“Highly recommended for all LCD Soundsystem fans or anyone who has put their heart and soul into something and knows the turmoil in making the decision to give it all up.”
What do you do when your life has become nearly science fiction? Something you could have never previously fathomed? Rejoice and embrace it? Or put a halt to it and search for a sense of your true self? Shut Up and Play the Hits is a bittersweet mixture of both in the way of an explanation for those who might not understand the decision to call it quits. It’s an illumination of a space and time, which younger fans have yet to experience, and perhaps even as an apology to James Murphy’s teenage self for saying goodbye to his dream.
Documenting LCD Soundsystem‘s frontman James Murphy in the last days surrounding his Madison Square Garden farewell show in April 2011, this film directed by Dylan Southern and Will Lovelace hinges on touching live footage and introspective moments with interviewer and pop culture writer Chuck Klosterman. It depicts Murphy’s emotional struggle leading up to and after the orchestrated demise of the band and the readjustment to his personal world. We get a glimpse into his everyday life: answering and ignoring calls, walking his dog, shaving off his beard, going to the office, making coffee, and even putting his pants on one leg (albeit nearly two) at a time just as anyone else would. All this is shown in deep contrast to planning an expansive four hour ‘funeral’ (as he referred to it) in a stadium for nearly 20,000 adoring fans. There are tears of joy and sadness from Murphy, fellow band members, friends, family and devoted fans who all relished sharing that moment of musical history.
The dichotomy that comes with fame plays heavily into conversations throughout, as does the widening gap between Murphy and his youth. Evident even in early songs like ‘Losing my Edge,’ his self-consciousness and fear of how others perceive him has always been an important subject. While his self-awareness may not have changed his understanding of the world, what he wants from it has altered over the years. This film conveys what seems to be a very cathartic expression of the pleasures and burdens of a successful band but also the relief and possible lament of its end.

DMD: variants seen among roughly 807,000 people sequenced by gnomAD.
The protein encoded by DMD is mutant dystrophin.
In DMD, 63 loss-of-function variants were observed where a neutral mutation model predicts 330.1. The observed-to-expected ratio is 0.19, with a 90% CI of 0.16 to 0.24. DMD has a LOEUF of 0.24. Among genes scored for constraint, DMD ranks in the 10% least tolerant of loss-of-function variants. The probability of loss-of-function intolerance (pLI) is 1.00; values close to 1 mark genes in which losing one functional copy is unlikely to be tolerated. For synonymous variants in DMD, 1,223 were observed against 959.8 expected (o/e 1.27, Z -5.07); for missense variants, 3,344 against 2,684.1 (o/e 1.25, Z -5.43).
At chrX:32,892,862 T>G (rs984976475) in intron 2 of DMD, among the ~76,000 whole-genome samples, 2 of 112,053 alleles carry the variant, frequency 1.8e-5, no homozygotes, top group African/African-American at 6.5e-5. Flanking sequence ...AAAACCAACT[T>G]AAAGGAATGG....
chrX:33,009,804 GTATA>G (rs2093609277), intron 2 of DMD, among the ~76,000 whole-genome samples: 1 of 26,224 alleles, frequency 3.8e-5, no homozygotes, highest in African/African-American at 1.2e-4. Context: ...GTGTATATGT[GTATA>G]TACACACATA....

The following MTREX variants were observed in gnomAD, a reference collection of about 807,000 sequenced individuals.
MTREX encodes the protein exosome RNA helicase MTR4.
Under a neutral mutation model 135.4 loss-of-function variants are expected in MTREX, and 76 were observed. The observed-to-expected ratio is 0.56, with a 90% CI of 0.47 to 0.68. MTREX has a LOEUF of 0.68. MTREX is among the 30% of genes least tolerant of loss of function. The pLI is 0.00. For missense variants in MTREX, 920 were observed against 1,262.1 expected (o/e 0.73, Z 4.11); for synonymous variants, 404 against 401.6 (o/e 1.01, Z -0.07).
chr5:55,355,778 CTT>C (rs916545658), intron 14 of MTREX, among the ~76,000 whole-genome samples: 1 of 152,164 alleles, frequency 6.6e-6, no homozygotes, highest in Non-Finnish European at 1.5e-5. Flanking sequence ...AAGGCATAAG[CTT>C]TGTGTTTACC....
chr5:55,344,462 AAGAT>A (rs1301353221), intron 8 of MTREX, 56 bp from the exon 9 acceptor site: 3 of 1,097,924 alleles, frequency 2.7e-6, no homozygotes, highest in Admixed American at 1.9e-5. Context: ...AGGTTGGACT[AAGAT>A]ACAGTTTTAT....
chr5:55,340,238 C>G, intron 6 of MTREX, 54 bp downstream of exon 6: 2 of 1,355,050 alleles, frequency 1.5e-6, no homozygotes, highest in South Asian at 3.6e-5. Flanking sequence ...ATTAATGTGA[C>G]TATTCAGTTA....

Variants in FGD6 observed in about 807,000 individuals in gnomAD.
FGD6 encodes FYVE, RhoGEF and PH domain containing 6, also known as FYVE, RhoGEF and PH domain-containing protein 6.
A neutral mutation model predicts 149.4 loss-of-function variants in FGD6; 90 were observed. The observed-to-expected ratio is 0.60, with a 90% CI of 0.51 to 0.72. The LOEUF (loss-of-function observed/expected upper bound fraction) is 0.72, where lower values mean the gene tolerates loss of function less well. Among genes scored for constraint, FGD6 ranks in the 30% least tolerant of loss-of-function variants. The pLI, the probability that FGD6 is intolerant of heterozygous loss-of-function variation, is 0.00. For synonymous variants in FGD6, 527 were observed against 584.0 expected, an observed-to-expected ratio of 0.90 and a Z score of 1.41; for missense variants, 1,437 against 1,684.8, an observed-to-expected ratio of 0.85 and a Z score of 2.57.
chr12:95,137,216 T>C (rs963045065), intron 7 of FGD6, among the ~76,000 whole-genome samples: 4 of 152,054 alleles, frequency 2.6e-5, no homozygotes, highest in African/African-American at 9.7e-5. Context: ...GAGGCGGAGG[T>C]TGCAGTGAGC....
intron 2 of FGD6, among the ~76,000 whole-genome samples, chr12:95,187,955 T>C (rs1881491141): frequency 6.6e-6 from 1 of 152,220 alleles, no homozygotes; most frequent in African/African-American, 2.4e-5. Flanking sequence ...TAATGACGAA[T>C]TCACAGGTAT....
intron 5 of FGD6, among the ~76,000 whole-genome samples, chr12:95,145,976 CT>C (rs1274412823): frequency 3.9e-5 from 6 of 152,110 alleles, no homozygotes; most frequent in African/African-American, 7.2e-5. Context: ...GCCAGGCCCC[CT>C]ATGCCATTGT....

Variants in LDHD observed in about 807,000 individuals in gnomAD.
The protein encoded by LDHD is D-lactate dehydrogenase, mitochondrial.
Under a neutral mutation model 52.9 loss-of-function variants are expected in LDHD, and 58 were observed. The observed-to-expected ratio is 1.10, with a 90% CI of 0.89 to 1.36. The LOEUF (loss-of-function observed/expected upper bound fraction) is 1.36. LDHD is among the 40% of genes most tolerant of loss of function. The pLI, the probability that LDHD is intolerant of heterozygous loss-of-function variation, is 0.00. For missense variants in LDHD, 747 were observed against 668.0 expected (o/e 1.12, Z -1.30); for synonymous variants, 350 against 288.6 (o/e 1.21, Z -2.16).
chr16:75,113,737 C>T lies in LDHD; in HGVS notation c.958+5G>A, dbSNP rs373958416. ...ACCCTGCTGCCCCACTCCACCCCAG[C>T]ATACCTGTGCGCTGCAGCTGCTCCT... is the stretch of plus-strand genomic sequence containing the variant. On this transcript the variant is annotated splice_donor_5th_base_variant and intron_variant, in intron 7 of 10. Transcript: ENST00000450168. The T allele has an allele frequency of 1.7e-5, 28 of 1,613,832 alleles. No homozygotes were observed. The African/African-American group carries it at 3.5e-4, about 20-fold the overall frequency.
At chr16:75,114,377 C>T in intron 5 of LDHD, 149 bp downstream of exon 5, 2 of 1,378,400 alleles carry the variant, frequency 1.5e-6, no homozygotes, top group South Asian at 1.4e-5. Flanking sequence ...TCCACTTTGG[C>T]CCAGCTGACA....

In retrospect, it comes as no surprise that Murphy scored the 2010 film Greenberg by Noah Baumbach, which explores the struggles of a man in his early 40s as his own mortality comes into focus. Deciding to take a break and ‘do nothing’, Greenberg reevaluates the choices he’s made and deliberates on what he should do next in life. Incidentally, Murphy has a brief cameo in the film during a scene where an ex-band mate confronts Greenberg about quitting their band years ago, just as they were about to be signed by a major label. Greenberg’s departure ruined things for everyone, which resonates as Klosterman asks, “What is your life like now?” Murphy replies: “I don’t know, it doesn’t start until April 3rd.”
Shut Up and Play the Hits could be described as an ode to the Thomas Pynchon books proudly displayed on Murphy’s bookshelves. A battle of megalomania, paranoia and sacrifice, LCD’s canon of whimsical cultural commentary is complemented by ever-present joyful percussion on a trip into an unknown future. It is highly recommended for all LCD Soundsystem fans or anyone who has put their heart and soul into something and knows the turmoil in making the decision to give it all up.
You can see Shut Up And Play The Hits with a live interview with James Murphy via satellite linkup afterwards in the following Irish cinemas on September 4th: Light House Cinema, Dublin (sold out), IFI, Dublin (sold out), Eye Cinema, Galway, IMC Tallaght, IMC Dun Laoghaire, Omniplex Galway, Omniplex Cork Mahon Point, Omniplex Limerick, Century Letterkenny, Movies @ Dundrum, Movies @ Swords, SGC Dungarvan, Movies @ Gorey, Mayo Movieworld Castlebar.